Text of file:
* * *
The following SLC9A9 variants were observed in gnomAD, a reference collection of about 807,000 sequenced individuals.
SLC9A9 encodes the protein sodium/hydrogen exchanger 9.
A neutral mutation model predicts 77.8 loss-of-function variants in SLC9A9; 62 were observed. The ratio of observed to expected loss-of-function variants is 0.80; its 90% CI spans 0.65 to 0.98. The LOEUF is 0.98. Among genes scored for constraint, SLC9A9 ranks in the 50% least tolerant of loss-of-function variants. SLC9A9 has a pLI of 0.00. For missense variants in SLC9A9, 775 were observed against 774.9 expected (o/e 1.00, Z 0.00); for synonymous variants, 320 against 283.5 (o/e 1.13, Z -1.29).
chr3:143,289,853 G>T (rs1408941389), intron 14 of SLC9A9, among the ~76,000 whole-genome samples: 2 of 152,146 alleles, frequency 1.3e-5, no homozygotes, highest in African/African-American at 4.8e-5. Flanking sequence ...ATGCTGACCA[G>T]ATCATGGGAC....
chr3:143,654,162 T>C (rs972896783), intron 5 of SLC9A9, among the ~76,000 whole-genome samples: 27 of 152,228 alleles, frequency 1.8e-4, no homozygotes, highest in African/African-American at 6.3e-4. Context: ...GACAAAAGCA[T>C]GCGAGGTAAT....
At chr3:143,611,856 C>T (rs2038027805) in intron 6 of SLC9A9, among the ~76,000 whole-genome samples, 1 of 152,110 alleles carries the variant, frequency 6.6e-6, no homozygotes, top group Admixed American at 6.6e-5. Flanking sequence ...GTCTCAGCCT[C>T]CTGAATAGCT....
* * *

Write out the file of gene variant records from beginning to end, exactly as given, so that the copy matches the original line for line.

The following SLC9A9 variants were observed in gnomAD, a reference collection of about 807,000 sequenced individuals.
SLC9A9 encodes the protein sodium/hydrogen exchanger 9.
A neutral mutation model predicts 77.8 loss-of-function variants in SLC9A9; 62 were observed. The ratio of observed to expected loss-of-function variants is 0.80; its 90% CI spans 0.65 to 0.98. The LOEUF is 0.98. Among genes scored for constraint, SLC9A9 ranks in the 50% least tolerant of loss-of-function variants. SLC9A9 has a pLI of 0.00. For missense variants in SLC9A9, 775 were observed against 774.9 expected (o/e 1.00, Z 0.00); for synonymous variants, 320 against 283.5 (o/e 1.13, Z -1.29).
chr3:143,289,853 G>T (rs1408941389), intron 14 of SLC9A9, among the ~76,000 whole-genome samples: 2 of 152,146 alleles, frequency 1.3e-5, no homozygotes, highest in African/African-American at 4.8e-5. Flanking sequence ...ATGCTGACCA[G>T]ATCATGGGAC....
chr3:143,654,162 T>C (rs972896783), intron 5 of SLC9A9, among the ~76,000 whole-genome samples: 27 of 152,228 alleles, frequency 1.8e-4, no homozygotes, highest in African/African-American at 6.3e-4. Context: ...GACAAAAGCA[T>C]GCGAGGTAAT....
At chr3:143,611,856 C>T (rs2038027805) in intron 6 of SLC9A9, among the ~76,000 whole-genome samples, 1 of 152,110 alleles carries the variant, frequency 6.6e-6, no homozygotes, top group Admixed American at 6.6e-5. Flanking sequence ...GTCTCAGCCT[C>T]CTGAATAGCT....